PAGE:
Sunday 1 November, 5.30pm until 6.30pm, Upper Gulbenkian Gallery Keynote Controversies
President Barack Obama inherited an American economy in severe trouble. Immediately upon entering the White House, Obama introduced the most wide-reaching state-led counter-crisis measures since the New Deal of the 1930s. The Obama administration’s ‘New New Deal’ includes bank bailouts, the largest peacetime economic stimulus package, a ‘toxic asset’ plan, government takeover of General Motors and new financial regulations.
Obama has said that getting the economy back on its feet is his number one priority, and it’s likely that his handling of economic affairs will be a major factor in determining whether his presidency is considered a success. Many praised the new American president for taking bold action and showing dynamic leadership. Polls have showed that Obama’s personal popularity has remained high, but as the recession has dragged on and unemployment has continued to rise, a growing number have begun to question the effectiveness of his policies. Has Obama gone too far in increasing government spending, or not far enough? Are the resulting huge US government deficits a temporary phenomenon, or will they cause a fiscal crisis in the near future? Does his government’s ownership of car companies and banks provide just short-term restructuring assistance, or do such moves herald a greater direct role for the state in the economy?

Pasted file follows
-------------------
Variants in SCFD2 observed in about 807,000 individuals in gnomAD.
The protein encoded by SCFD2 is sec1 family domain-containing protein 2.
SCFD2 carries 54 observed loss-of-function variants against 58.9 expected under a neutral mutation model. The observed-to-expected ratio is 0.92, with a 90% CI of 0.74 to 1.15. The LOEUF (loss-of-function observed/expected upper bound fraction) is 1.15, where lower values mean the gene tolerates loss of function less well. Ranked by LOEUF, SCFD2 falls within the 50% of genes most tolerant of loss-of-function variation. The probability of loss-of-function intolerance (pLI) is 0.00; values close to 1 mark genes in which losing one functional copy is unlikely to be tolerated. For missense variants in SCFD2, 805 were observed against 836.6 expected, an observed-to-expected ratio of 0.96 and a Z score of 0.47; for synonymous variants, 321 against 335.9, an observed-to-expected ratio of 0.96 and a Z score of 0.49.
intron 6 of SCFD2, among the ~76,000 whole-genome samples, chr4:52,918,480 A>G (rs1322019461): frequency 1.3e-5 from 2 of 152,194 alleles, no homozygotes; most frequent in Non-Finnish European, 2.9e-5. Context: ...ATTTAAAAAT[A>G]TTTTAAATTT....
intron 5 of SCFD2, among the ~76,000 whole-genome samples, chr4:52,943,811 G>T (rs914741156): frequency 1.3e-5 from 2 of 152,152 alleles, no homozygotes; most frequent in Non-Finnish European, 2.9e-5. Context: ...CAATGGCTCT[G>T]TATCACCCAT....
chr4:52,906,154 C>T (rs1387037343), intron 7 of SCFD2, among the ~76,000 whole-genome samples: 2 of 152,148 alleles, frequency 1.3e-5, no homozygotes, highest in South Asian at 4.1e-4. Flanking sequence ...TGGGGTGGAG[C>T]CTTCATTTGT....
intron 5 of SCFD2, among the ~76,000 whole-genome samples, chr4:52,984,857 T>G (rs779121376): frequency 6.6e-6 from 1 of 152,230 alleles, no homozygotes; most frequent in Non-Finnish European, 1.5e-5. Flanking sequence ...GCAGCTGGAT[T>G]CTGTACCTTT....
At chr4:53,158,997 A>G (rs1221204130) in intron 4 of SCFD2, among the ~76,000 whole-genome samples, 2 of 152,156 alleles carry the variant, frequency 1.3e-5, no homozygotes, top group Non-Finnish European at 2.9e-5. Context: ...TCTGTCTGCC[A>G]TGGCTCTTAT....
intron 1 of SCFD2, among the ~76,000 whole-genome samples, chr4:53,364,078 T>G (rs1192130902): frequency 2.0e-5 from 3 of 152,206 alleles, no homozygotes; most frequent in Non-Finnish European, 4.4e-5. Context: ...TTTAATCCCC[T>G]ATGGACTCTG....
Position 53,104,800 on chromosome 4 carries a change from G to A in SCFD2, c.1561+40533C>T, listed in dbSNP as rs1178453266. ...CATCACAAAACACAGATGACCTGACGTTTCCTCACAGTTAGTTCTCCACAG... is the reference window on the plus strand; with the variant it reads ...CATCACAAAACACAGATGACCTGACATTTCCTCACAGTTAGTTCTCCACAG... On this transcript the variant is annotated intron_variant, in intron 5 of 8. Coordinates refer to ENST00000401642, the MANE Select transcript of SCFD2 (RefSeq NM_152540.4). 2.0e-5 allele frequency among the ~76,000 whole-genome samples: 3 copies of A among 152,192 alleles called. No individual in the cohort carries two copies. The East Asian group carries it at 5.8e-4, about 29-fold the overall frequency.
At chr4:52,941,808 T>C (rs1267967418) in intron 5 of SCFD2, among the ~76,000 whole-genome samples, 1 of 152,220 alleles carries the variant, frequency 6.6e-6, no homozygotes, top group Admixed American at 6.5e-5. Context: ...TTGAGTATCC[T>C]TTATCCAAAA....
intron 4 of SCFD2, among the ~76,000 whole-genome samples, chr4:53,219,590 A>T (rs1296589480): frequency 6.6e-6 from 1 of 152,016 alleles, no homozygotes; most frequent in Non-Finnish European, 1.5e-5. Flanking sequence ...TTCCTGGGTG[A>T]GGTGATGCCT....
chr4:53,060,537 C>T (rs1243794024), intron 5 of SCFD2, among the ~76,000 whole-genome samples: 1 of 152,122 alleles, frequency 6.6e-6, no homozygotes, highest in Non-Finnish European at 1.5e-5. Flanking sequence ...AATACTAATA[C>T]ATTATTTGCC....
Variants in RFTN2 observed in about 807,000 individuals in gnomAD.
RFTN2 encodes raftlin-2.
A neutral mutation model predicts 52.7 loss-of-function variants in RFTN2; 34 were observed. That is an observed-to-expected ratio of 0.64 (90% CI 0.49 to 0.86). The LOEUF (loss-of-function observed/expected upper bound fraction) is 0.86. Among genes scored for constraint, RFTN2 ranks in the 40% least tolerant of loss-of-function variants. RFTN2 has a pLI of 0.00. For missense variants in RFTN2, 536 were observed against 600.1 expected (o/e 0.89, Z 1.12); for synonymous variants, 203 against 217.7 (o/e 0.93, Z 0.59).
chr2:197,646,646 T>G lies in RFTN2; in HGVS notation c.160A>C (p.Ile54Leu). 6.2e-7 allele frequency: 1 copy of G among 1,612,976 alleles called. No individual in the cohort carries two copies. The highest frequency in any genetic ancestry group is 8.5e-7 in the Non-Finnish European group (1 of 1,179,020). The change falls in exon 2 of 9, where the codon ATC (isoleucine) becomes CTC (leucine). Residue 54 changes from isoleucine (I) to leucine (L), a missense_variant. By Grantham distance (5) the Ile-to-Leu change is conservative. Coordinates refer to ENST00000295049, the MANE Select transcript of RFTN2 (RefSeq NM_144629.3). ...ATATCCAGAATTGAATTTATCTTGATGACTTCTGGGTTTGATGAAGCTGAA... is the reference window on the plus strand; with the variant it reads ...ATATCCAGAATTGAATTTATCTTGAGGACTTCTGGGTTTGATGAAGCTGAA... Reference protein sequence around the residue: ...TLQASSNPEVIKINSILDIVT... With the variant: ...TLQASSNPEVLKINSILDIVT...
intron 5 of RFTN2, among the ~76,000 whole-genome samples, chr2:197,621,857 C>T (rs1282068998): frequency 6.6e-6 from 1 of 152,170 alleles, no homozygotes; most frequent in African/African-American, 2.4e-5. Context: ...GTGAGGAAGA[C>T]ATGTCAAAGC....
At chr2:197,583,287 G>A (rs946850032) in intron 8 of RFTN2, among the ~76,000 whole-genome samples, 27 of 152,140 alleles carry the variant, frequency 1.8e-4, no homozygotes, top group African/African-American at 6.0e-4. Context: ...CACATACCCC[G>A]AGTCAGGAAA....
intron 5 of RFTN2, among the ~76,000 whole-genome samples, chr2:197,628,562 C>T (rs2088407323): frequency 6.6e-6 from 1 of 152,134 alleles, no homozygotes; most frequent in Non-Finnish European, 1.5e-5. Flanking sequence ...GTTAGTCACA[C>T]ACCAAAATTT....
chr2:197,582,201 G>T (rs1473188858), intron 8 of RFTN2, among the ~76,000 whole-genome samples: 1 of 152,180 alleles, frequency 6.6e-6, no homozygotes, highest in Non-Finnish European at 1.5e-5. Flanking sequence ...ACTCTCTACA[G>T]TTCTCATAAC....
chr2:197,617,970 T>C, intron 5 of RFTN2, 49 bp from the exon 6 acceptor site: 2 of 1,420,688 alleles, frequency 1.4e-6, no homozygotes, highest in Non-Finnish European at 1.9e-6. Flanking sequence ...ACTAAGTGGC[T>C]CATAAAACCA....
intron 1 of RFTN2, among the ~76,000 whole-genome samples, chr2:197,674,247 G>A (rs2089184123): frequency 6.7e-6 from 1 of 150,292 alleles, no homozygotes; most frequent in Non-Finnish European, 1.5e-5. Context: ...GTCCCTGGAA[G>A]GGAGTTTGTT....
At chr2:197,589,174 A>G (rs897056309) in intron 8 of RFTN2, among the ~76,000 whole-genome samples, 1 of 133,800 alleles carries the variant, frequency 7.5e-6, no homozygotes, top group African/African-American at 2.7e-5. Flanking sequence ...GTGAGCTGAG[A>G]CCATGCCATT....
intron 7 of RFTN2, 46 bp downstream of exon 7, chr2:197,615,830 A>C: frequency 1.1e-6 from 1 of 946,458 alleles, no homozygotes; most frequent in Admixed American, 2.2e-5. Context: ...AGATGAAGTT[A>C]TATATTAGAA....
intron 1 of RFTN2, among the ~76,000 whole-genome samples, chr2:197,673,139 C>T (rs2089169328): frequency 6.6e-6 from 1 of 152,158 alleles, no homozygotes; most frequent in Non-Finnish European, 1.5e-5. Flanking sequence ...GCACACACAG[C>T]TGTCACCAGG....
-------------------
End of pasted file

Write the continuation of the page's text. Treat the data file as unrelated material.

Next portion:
This session will seek to cut through the superficial assessments about Obama’s popularity and examine to what extent his administration’s initiatives can not only address the immediate downturn, but lay a foundation for longer-term economic growth.
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management consultant; founding member, NY Salon; writer on economics and business
|Professor Iwan Morgan|
head of US Presidency Centre, Institute for the Study of the Americas, University of London; author, The Age of Deficits
world business editor, The Times
chairman, Night Time Industries Association (NTIA)
Reform is badly needed, but people will still be greedy, banks will still need saving and a more stable system will entail less credit flowing through it. Mr Obama is eloquent but too often he does not tell it like it is.Economist, 15 September 2009
'History can not be allowed to repeat itself', Obama declaresTim Reid, The Times, 14 September 2009
Despite attempts by media figures to pin the blame for the current economic situation on President Obama, a recent ABC poll found that only a minority blame Obama for the recession.Media Matters, 31 March 2009
As the global economic downturn worsens, the industrialized nations are at odds over how to fight the crisis. Obama wants the Europeans to introduce additional stimulus programs, but Merkel insists Germany is already doing enough.Christian Reiermann, Michael Sauga and Thomas Schulz, Spiegel Online, 13 March 2009
Why President Obama’s $787 billion recovery package won’t fire up the US economy — and might even make things worse in the long term.Sean Collins, spiked, 18 February 2009